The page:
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This integral resulted from trying to solve a physics problem about diffusion: $$\int^L_{-L}\sum_{n=1}^{\infty} \cos\Big( \frac{(2n-1)\pi}{L}x\Big)e^{-D\left(\frac{(2n-1)\pi}{L}\right)^2t}\;dx $$ I thought about interchanging the integral sign and the summation and then just having $$\sum_{n=1}^{\infty}e^{-D\left(\frac{(2n-1)\pi}{L}\right)^2t}\int^L_{-L} \cos\Big( \frac{(2n-1)\pi}{L}x\Big)\;dx $$ Since $$\int^L_{-L} \cos\Big( \frac{(2n-1)\pi}{L}x\Big)\;dx = \frac{2 L \sin (2 π n)}{π-2 π n}$$ then my original integral is just equal $0$. I don't know if interchanging the integral with the summation is allowed in this case but I've seen it done before.

EDIT: Here is the original problem:

$$ \frac{dC}{dt} = D\frac{d^2C}{dx^2} $$ with $$ C(L,t) = C(-L,t) \\ \frac{dC}{dx}(L,t) = \frac{dC}{dx}(-L,t) = 0 \\ C(x,0) = \delta(x) $$ The integral is not the final solution but rather part of it.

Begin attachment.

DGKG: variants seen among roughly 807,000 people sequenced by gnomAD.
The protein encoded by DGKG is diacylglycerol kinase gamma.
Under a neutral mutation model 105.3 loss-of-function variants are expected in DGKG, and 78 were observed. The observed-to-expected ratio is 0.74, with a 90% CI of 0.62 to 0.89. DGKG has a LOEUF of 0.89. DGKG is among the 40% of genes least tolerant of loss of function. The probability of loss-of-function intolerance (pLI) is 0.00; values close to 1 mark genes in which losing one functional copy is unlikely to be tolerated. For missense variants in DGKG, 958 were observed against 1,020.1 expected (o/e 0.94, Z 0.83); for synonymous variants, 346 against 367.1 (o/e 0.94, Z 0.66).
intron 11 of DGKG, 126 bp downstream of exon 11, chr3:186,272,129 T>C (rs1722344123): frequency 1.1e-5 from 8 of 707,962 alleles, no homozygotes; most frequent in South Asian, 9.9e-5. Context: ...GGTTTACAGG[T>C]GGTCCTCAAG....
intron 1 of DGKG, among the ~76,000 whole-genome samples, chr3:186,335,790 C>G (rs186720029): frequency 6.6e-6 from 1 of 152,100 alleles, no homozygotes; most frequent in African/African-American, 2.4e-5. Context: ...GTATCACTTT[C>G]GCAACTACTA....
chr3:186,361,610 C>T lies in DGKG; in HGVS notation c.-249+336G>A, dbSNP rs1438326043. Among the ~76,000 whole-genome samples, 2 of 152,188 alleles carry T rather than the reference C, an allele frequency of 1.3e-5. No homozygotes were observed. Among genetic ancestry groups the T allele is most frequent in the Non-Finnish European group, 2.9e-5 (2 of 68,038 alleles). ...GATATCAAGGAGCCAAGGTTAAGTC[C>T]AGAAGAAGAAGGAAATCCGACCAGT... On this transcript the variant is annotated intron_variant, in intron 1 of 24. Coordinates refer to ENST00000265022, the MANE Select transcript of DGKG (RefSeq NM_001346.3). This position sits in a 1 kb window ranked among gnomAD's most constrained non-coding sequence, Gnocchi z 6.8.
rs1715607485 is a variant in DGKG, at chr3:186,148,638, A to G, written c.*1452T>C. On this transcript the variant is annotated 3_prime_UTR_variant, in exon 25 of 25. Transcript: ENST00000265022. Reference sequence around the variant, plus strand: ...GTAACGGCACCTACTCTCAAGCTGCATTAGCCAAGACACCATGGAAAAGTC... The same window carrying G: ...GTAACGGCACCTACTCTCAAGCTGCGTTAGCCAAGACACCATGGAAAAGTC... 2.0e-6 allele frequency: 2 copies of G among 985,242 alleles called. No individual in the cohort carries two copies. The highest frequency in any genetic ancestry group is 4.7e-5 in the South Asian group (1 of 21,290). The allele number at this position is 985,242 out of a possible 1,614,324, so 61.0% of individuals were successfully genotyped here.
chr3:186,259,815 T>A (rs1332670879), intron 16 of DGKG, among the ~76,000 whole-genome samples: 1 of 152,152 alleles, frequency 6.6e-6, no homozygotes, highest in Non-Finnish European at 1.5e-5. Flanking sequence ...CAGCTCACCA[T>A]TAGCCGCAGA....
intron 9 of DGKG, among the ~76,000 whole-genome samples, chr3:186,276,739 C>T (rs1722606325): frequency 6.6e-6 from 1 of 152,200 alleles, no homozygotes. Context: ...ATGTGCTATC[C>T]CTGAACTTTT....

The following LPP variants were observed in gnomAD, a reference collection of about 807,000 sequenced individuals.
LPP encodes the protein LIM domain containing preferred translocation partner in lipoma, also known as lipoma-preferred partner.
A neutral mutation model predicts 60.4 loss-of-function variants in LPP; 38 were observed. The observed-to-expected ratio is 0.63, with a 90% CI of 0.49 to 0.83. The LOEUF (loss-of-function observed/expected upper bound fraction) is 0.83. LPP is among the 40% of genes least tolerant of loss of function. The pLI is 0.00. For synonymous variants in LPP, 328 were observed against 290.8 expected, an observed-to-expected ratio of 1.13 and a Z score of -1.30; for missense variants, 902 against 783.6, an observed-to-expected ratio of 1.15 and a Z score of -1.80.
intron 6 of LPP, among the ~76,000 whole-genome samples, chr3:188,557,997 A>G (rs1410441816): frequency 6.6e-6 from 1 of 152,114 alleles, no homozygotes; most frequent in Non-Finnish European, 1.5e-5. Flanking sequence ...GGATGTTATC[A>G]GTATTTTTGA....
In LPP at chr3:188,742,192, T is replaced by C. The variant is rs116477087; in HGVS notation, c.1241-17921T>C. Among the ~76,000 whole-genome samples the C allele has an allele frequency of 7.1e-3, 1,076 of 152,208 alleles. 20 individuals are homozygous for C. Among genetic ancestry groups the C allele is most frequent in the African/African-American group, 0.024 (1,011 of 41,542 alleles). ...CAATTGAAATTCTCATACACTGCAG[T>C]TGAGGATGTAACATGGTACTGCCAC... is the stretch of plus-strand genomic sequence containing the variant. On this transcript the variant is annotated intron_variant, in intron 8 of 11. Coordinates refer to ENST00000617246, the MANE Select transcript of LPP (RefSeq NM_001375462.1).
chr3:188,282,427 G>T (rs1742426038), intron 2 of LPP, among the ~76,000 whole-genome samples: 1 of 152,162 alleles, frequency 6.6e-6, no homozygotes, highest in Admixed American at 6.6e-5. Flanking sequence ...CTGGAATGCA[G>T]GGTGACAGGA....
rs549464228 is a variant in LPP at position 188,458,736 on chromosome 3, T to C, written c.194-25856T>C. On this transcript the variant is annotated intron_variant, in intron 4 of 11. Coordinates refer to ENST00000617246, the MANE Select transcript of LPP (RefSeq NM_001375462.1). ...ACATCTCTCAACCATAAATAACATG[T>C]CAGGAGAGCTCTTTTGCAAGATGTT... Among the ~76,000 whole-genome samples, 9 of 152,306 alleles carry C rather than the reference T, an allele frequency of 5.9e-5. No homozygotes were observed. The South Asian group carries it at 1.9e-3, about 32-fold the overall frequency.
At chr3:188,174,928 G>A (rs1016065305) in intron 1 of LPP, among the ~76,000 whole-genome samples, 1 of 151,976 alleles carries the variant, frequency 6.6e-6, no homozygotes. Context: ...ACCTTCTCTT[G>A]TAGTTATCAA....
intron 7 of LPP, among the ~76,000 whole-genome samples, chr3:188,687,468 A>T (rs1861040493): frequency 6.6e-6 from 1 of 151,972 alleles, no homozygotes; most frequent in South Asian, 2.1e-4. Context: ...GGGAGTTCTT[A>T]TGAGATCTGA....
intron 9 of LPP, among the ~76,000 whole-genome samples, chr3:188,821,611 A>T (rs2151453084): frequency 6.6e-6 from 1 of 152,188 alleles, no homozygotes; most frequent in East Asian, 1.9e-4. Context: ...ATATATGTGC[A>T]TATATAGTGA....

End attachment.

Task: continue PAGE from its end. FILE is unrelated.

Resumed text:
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  • $\begingroup$ Note that $\int f(x) + g(x) dx = \int f(x) dx + \int g(x) dx$. The integral is linear and can be "dispersed" into a summation. $\endgroup$ – Kaynex Nov 9 '16 at 3:27
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    $\begingroup$ Could you tell us how you arrived at the above integral? $\endgroup$ – Jacky Chong Nov 9 '16 at 3:29
  • $\begingroup$ You might want to read: math.stackexchange.com/q/188567/9464 $\endgroup$ – Jack Nov 9 '16 at 3:34
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    $\begingroup$ @JackyChong It results from solving the heat equation in one dimension with homogeneous boundary conditions and an initial condition equal to the Dirac-Delta function. $\endgroup$ – Lucas Alanis Nov 9 '16 at 3:34
  • $\begingroup$ Neat source, Jack. I didn't know something like this was so complicated. $\endgroup$ – Kaynex Nov 9 '16 at 3:37
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The exponential part is irrelevant and the constant function $1$ is continuous on the interval $[-L,L]$. Hence, you can integrate its Fourier series term by term.

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